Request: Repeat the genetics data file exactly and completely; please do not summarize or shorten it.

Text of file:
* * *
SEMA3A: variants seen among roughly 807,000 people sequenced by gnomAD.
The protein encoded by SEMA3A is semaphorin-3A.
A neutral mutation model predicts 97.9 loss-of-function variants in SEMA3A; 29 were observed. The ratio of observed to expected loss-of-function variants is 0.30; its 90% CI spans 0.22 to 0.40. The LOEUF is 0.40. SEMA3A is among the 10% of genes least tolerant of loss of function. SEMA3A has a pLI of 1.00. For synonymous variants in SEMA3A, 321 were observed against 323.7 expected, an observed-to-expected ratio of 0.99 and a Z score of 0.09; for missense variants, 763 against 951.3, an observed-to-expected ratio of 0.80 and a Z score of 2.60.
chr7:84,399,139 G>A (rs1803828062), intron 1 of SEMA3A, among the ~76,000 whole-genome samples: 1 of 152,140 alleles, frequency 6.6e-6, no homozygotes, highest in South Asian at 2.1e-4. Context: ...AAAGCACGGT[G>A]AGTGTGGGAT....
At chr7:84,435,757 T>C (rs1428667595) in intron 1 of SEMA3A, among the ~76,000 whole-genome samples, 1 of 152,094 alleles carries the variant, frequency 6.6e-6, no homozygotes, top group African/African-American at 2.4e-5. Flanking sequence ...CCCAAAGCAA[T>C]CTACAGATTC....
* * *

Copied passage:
SEMA3A: variants seen among roughly 807,000 people sequenced by gnomAD.
The protein encoded by SEMA3A is semaphorin-3A.
A neutral mutation model predicts 97.9 loss-of-function variants in SEMA3A; 29 were observed. The ratio of observed to expected loss-of-function variants is 0.30; its 90% CI spans 0.22 to 0.40. The LOEUF is 0.40. SEMA3A is among the 10% of genes least tolerant of loss of function. SEMA3A has a pLI of 1.00. For synonymous variants in SEMA3A, 321 were observed against 323.7 expected, an observed-to-expected ratio of 0.99 and a Z score of 0.09; for missense variants, 763 against 951.3, an observed-to-expected ratio of 0.80 and a Z score of 2.60.
chr7:84,399,139 G>A (rs1803828062), intron 1 of SEMA3A, among the ~76,000 whole-genome samples: 1 of 152,140 alleles, frequency 6.6e-6, no homozygotes, highest in South Asian at 2.1e-4. Context: ...AAAGCACGGT[G>A]AGTGTGGGAT....
At chr7:84,435,757 T>C (rs1428667595) in intron 1 of SEMA3A, among the ~76,000 whole-genome samples, 1 of 152,094 alleles carries the variant, frequency 6.6e-6, no homozygotes, top group African/African-American at 2.4e-5. Flanking sequence ...CCCAAAGCAA[T>C]CTACAGATTC....